Kittens and vaccinations – The basics:

Kittens – Vaccinations

The Basics for Pet Owners

A new kitten is one of the most exciting yet unpredictable additions to a household. It can be an exciting time for families bringing a new kitten home, but it can also be overwhelming too! We wish we had an hour to sit down with every family that comes in to go over some truly important kitten topics, but unfortunately that reality is not often possible. Because of this, having resources for owners to read and keep on hand has become a must. We’ve included our top tips and considerations for vaccinations in this post for new kitten owners.

Determining what vaccinations are appropriate for your kitten should absolutely be a conversation with the vet.

This will be based on a list of core vaccines (vaccinations recommended for all kittens) then potential additional vaccinations based on your kitten’s lifestyle.

What is the difference between a high risk vs. low risk cat?

Risk level helps determine which vaccinations are appropriate or recommended for cats. WSAVA (World Small Animal Veterinary Association) designate some high risk cats as those with more potential exposure to infectious diseases. This includes cats that frequent catteries/boarding facilities, cats in multicat households, and cats that are indoor/outdoor (exposed to other cats and wildlife). Low risk cats are those who are indoor only and the sole pet in the house. This might also include households with multiple cats that are all indoor only.  
Vaccines are typically started between 6-8 weeks of age and initial boosters may be continued until around 12-16 weeks of age.

Whether boosters are required and the duration of protection varies with each type of vaccine.

  • Core vaccinations (recommended for all cats):
    • Feline panleukopenia (parvovirus):
      • While similar to parvo in dogs, feline panleukopenia is its own virus responsible for serious clinical disease in cats. Spread via bodily fluids, the virus can affect the intestinal tract and immune system. Signs can include respiratory problems, lethargy, diarrhea, and decreased appetite among others. It is highly contagious and may be fatal in severe cases.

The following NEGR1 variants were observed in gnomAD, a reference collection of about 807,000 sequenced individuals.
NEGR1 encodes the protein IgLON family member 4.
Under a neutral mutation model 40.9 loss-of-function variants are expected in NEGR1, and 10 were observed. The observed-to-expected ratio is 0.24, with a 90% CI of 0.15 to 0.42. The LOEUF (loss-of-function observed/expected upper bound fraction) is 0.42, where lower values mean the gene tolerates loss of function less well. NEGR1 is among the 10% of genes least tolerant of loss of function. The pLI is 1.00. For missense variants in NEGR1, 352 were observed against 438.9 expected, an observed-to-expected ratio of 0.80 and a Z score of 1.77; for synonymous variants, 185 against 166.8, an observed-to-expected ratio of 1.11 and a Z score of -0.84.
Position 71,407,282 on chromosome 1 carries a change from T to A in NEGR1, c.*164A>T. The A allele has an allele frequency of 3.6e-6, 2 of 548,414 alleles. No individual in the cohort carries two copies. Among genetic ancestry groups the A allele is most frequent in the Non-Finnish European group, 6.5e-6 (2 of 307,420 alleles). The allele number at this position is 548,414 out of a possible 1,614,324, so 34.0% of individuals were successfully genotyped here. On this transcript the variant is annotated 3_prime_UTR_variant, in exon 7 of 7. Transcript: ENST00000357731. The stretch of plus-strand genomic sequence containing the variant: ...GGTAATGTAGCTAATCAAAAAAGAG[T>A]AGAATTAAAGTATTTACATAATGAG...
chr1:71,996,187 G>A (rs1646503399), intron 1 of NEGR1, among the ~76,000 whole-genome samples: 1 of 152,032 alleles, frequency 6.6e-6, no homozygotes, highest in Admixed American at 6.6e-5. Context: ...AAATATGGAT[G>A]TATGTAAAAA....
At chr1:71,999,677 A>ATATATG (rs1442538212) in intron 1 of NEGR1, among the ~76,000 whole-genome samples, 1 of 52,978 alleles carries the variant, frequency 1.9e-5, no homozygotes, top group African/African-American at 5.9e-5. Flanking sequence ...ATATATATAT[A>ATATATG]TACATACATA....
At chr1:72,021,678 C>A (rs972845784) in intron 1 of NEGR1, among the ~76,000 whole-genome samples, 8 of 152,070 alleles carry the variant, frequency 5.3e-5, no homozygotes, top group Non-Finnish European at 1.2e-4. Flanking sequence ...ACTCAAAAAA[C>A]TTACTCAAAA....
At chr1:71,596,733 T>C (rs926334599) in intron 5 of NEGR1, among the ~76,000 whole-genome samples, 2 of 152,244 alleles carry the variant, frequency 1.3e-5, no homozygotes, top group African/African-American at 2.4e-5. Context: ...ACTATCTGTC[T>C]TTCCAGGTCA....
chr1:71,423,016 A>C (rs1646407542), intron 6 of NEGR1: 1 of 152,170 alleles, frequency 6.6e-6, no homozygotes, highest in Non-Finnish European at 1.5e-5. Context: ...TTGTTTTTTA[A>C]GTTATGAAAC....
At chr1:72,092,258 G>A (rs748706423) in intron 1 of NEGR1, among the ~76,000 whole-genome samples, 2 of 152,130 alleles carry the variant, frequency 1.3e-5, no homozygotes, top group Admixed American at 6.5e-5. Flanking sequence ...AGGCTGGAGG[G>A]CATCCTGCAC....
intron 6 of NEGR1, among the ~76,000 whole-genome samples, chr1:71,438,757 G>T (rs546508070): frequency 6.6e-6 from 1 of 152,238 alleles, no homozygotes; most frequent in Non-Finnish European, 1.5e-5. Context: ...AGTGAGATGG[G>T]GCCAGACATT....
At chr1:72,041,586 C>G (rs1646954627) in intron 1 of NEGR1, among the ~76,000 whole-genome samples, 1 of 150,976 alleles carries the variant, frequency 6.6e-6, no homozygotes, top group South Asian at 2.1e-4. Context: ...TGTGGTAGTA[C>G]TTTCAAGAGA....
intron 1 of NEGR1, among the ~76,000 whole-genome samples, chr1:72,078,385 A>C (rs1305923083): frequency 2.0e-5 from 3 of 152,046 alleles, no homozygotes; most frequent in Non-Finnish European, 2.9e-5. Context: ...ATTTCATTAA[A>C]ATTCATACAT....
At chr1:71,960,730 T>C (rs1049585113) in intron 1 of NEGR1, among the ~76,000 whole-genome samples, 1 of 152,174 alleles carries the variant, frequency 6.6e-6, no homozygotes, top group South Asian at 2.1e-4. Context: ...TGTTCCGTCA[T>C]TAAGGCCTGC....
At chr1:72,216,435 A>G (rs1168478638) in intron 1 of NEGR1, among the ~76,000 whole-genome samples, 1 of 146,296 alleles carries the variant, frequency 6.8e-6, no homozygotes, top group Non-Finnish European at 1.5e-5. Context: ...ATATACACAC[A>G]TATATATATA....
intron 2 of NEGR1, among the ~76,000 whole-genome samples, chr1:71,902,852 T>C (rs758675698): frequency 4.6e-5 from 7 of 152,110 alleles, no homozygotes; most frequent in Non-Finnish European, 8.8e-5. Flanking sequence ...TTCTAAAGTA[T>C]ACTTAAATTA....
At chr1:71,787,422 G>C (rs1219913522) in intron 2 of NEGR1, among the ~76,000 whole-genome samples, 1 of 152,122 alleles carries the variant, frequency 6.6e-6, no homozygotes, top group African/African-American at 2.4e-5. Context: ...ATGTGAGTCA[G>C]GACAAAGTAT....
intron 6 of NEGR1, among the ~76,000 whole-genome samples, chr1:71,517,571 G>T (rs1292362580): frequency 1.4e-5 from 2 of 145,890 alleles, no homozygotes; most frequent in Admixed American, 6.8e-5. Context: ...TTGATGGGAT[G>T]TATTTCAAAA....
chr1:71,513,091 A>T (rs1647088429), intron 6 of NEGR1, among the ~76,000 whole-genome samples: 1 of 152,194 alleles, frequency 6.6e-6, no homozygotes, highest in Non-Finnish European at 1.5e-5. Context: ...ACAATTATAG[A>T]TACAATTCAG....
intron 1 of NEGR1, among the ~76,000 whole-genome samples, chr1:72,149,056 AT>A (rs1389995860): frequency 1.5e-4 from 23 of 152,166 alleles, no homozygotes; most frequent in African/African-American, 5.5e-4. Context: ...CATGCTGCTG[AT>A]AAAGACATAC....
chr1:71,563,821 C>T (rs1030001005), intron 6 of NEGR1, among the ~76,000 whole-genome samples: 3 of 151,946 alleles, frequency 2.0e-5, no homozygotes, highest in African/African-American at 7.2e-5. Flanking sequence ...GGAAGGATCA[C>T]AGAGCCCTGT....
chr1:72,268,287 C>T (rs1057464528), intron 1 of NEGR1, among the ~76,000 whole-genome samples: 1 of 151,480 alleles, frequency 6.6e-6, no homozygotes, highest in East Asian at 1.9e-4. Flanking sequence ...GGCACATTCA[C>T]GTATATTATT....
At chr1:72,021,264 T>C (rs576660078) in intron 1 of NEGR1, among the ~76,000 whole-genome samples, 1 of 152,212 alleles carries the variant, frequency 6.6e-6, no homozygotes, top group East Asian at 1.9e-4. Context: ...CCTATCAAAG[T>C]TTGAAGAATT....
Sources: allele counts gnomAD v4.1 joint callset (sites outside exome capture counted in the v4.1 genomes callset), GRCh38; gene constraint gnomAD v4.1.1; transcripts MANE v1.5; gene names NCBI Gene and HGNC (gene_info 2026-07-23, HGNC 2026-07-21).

• Feline herpes virus (FHV-1):
      • FHV-1 is the agent also known as feline rhinotracheitis virus, a common cause of upper respiratory symptoms in cats. These may include conjunctivitis, corneal ulcers, sneezing, ocular discharge and nasal discharge. In severe cases, secondary bacterial infection may arise. Interestingly, the majority of cats have been exposed to FHV-1 and can remain positive throughout their lifetime. The virus is similar to herpes virus in other species, where once infected the virus remains and can become latent. This means it hides within the body and may sporadically cause clinical signs (respiratory), particularly during times of stress.
    • Feline calicivirus:
      • Calicivirus is an ugly virus also spread readily from cat to cat by bodily fluids. It is most commonly transmitted by respiratory secretions, particularly sneezing cats kept in small less ventilated areas. Because of this, kittens and cats in rescues, pet stores, catteries are at increased risk. Clinical signs often begin as respiratory in origin, but characteristic oral ulcerations may arise and cause severe pain. Signs may also develop in other body systems and the virus can be fatal.    
      • Note: Vaccinations for panleukopenia, herpes virus, and calicivirus are typically given together as a combination “upper respiratory” vaccination.
      • This combination vaccination is often started around 8 weeks of age, then boostered 3-4 weeks later. High risk cats will then need a booster annually, whereas low risk cats may only require a booster every 3 years.
  • Non-core vaccinations based on risk/lifestyle:
    • Rabies virus:
      • Rabies is not currently present in the UK (fortunately). That being said, pets travelling outside of the UK should absolutely be vaccinated for rabies as this virus has no cure, is harboured in many species, and is fatal to animals and humans. Rabies is required for international travel, and research should be done prior to animal transport for each country’s regulations.
      • Can be given no earlier than 12 weeks. No initial boosters needed. Next rabies is due 1 year later, then is given every 3 years.
    • Feline leukemia virus:
      • FeLV is a virus that affects the immune system and is often fatal. The virus makes cats susceptible to a host of other diseases including blood disorders and cancer. It is often transmitted by biting/fighting with another cat that is FeLV positive, but can be spread by most bodily fluids as well as in utero from mother to baby. Typically cats are tested for the disease prior to vaccination to ensure they are negative.
      • Requires two initial boosters given 3-4 weeks apart, then given annually to every 2 years. Can be started as early as 8 weeks of age.

Key messages:

  • Your vet can help you determine which vaccinations are appropriate for your kitten. Our goals are to pick the most appropriate course based on current veterinary standards as well as your pets exposure/risk level.
  • Each vaccination works differently and may require different numbers of boosters.

For the most up to date vaccination guidelines, check out the following resources:

Dr. Kirsten Ronngren, DVM MRCVS

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